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Glimp, David R. Associate Professor

Positions

Research Areas research areas

Research

research overview

  • Dr. Glimp specializes in Renaissance English literature. Most of his work has explored how English authors of the sixteenth and seventeenth centuries engaged aspects of Renaissance moral and political philosophy, though he also has interests in contemporary literary and social theory. He is currently completing a project on discourses of security and the genres of emergency in the Renaissance. He has begun another project on taxation in early modern England, and the representation of tax controversy in Renaissance English literature.

keywords

  • english renaissance literature, political theories of security and risk, literary representation of emergency

Publications

selected publications

Teaching

courses taught

  • ENGL 2102 - Literary Analysis
    Primary Instructor - Spring 2018
    Provides a basic skills course designed to equip students to handle the English major. Emphasizes critical writing and the acquisition of basic techniques and vocabulary of literary criticism through close attention to poetry and prose.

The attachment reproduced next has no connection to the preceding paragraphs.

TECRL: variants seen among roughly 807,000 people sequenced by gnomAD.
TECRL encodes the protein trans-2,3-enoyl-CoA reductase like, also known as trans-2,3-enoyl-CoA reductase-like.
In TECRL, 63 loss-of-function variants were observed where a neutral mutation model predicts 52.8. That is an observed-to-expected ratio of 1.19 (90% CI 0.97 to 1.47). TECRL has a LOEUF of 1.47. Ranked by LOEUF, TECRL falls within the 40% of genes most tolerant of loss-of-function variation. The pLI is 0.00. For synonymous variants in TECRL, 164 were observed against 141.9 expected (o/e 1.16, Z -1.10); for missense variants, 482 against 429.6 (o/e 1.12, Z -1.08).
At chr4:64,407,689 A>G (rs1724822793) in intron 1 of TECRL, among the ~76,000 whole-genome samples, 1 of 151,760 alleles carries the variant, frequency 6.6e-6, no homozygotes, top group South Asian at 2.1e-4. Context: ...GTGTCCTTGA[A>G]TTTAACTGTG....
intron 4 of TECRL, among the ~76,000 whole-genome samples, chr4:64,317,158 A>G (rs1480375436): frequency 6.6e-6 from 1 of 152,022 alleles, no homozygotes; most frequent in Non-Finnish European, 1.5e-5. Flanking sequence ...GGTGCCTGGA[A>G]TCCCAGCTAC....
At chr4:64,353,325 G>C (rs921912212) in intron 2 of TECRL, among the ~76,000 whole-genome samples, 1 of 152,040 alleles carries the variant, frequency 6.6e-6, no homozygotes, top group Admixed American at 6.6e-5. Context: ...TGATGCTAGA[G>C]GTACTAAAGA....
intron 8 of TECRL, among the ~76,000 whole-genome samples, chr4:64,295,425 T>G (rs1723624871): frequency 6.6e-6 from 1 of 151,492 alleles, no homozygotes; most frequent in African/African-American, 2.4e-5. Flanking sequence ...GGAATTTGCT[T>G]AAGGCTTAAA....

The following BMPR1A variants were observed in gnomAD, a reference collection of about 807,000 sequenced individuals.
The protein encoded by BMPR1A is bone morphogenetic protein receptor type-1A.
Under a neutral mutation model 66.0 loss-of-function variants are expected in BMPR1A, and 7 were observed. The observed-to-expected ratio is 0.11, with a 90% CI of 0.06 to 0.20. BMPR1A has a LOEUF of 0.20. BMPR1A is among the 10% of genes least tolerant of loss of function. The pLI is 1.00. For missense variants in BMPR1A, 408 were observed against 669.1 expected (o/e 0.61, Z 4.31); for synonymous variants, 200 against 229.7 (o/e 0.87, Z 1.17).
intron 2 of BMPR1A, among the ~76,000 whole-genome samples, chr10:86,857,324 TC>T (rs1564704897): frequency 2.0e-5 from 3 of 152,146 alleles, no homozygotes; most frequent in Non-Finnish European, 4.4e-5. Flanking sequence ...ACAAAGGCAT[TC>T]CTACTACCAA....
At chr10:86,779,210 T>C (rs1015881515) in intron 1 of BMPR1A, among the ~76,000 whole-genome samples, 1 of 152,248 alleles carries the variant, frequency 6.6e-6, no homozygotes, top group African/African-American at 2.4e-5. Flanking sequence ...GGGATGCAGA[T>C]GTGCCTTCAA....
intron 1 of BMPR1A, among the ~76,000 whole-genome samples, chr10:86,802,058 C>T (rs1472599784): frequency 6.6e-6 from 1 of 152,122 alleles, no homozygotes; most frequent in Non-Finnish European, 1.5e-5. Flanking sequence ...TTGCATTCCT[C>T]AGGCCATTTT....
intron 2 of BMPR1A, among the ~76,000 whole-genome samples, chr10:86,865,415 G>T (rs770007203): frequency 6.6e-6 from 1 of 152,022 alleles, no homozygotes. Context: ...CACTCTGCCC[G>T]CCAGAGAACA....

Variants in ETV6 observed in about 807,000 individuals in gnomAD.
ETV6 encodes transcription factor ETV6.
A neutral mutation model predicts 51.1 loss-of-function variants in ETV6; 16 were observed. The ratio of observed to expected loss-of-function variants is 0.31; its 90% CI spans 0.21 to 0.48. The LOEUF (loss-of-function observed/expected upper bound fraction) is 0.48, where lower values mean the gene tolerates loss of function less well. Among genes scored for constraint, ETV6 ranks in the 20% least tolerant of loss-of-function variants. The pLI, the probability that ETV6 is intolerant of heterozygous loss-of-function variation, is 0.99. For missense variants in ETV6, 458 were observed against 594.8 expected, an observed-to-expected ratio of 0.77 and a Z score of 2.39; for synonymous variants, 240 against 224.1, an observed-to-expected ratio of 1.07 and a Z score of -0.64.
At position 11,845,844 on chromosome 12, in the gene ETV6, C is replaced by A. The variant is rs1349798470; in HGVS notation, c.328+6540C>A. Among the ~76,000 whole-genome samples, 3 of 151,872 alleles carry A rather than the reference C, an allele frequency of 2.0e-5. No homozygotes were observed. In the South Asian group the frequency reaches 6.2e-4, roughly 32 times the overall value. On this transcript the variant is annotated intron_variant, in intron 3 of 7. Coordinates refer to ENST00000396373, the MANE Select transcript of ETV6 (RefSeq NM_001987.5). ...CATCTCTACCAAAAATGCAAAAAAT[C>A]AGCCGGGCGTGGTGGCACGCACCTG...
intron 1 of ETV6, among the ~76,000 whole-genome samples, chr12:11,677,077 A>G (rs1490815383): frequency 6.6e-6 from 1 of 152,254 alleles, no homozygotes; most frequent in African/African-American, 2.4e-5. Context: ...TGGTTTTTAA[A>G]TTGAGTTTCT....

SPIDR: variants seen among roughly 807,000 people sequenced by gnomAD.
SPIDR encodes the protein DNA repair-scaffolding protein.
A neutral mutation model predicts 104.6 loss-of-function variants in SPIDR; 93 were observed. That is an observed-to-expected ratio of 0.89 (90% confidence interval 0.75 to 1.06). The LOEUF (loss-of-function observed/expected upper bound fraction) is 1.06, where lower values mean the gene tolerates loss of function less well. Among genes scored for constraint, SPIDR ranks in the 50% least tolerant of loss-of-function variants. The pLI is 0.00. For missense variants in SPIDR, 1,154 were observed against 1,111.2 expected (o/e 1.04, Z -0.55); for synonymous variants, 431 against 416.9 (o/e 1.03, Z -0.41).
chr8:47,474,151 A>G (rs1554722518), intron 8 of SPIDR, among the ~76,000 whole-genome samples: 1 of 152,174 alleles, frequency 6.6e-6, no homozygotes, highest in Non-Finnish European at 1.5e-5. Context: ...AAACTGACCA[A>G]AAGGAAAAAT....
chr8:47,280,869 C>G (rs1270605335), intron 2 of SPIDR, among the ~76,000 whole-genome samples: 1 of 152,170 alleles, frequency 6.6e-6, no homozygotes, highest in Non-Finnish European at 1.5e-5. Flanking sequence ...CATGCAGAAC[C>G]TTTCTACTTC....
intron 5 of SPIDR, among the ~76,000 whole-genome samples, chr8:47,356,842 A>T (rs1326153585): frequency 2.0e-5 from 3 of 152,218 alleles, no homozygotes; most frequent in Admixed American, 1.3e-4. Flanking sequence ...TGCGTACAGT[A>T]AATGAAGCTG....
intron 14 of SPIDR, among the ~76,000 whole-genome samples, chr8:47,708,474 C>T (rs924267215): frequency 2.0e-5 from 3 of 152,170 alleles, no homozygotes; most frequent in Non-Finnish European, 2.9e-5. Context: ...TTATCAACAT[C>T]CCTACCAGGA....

• ENGL 3000 - Shakespeare for Nonmajors
    Primary Instructor - Fall 2018 / Spring 2019 / Fall 2019
    Introduction to Shakespeare. Introduces students to 6-10 of Shakespeare's major plays. Comedies, histories, and tragedies will be studied. Some non-dramatic poetry may be included. Viewing of Shakespeare in performance is often required.
  • ENGL 3116 - Topics in Advanced Theory
    Primary Instructor - Spring 2019 / Spring 2020
    Studies special topics in theory; specially designed for English majors. Topics vary each semester. May be repeated up to 6 total credit hours different topics.
  • ENGL 3563 - Shakespeare
    Primary Instructor - Fall 2019
    Shakespeare's poetry and drama.
  • ENGL 3583 - Milton
    Primary Instructor - Spring 2018
    Milton's poetry and selected prose.
  • ENGL 5029 - British Literature and Culture Before 1800
    Primary Instructor - Spring 2020
    Introduces graduate level study of medieval and early modern writing through the long eighteenth century. Emphasizes a wide range of genres, forms, historical background, and secondary criticism. Cultivates research skills necessary for advanced graduate study. Topics will vary. May be repeated up to 6 total credit hours.

Background

International Activities

global connections related to teaching and scholarly work (in recent years)

Other Profiles